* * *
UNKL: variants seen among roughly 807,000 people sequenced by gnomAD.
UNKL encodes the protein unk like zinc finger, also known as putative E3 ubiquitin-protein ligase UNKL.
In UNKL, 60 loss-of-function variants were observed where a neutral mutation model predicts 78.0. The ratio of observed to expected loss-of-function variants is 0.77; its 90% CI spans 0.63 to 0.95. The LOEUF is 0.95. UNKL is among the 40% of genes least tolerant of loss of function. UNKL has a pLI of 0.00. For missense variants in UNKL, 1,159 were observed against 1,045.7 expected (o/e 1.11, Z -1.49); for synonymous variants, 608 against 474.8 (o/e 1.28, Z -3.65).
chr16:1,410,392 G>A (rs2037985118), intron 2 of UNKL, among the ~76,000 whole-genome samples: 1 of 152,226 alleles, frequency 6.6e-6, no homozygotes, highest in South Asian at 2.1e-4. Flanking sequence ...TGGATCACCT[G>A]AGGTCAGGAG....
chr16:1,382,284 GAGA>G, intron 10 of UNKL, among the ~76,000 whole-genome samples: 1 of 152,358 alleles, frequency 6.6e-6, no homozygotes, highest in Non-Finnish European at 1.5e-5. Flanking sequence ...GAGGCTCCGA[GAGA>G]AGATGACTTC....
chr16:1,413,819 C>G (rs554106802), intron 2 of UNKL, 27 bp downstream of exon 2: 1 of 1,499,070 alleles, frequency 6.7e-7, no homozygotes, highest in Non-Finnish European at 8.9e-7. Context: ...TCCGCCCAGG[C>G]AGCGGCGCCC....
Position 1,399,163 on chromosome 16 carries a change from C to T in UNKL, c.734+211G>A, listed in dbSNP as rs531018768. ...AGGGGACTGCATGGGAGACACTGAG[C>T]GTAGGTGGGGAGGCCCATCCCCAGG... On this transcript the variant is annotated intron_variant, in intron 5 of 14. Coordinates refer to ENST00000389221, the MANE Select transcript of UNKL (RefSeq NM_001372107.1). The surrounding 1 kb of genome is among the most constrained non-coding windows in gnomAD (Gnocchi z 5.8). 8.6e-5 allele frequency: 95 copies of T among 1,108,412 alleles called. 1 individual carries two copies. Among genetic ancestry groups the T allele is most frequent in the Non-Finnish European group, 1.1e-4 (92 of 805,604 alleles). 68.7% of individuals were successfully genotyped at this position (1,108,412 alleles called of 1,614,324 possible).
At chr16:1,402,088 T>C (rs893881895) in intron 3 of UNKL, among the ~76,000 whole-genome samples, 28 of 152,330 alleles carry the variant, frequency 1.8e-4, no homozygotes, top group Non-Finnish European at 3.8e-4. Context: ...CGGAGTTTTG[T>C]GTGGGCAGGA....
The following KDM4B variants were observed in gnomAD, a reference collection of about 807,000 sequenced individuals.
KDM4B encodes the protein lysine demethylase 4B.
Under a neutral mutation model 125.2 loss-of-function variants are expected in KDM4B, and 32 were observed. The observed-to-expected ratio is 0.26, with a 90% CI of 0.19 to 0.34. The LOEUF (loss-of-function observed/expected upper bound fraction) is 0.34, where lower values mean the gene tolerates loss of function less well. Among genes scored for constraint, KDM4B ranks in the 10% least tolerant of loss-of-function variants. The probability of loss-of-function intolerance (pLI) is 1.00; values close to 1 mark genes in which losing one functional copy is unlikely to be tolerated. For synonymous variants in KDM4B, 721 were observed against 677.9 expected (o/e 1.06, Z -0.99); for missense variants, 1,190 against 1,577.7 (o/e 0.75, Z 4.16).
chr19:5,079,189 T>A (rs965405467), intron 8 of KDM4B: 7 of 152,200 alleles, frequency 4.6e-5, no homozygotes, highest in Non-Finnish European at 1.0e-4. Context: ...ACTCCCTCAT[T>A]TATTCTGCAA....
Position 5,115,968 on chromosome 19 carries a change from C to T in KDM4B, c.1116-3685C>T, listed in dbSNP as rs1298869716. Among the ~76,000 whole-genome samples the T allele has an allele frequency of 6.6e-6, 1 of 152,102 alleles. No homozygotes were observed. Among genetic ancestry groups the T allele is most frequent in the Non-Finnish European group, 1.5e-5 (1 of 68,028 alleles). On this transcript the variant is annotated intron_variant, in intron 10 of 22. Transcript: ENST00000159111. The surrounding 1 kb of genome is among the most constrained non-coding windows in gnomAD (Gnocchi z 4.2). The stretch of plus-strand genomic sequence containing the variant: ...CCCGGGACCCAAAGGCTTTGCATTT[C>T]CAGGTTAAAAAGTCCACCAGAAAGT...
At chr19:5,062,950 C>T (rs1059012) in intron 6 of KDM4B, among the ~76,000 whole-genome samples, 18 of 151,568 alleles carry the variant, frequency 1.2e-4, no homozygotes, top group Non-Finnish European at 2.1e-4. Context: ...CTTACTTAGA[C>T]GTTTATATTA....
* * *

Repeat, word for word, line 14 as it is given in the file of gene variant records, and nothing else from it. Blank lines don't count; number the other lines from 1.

At chr19:5,062,950 C>T (rs1059012) in intron 6 of KDM4B, among the ~76,000 whole-genome samples, 18 of 151,568 alleles carry the variant, frequency 1.2e-4, no homozygotes, top group Non-Finnish European at 2.1e-4. Context: ...CTTACTTAGA[C>T]GTTTATATTA....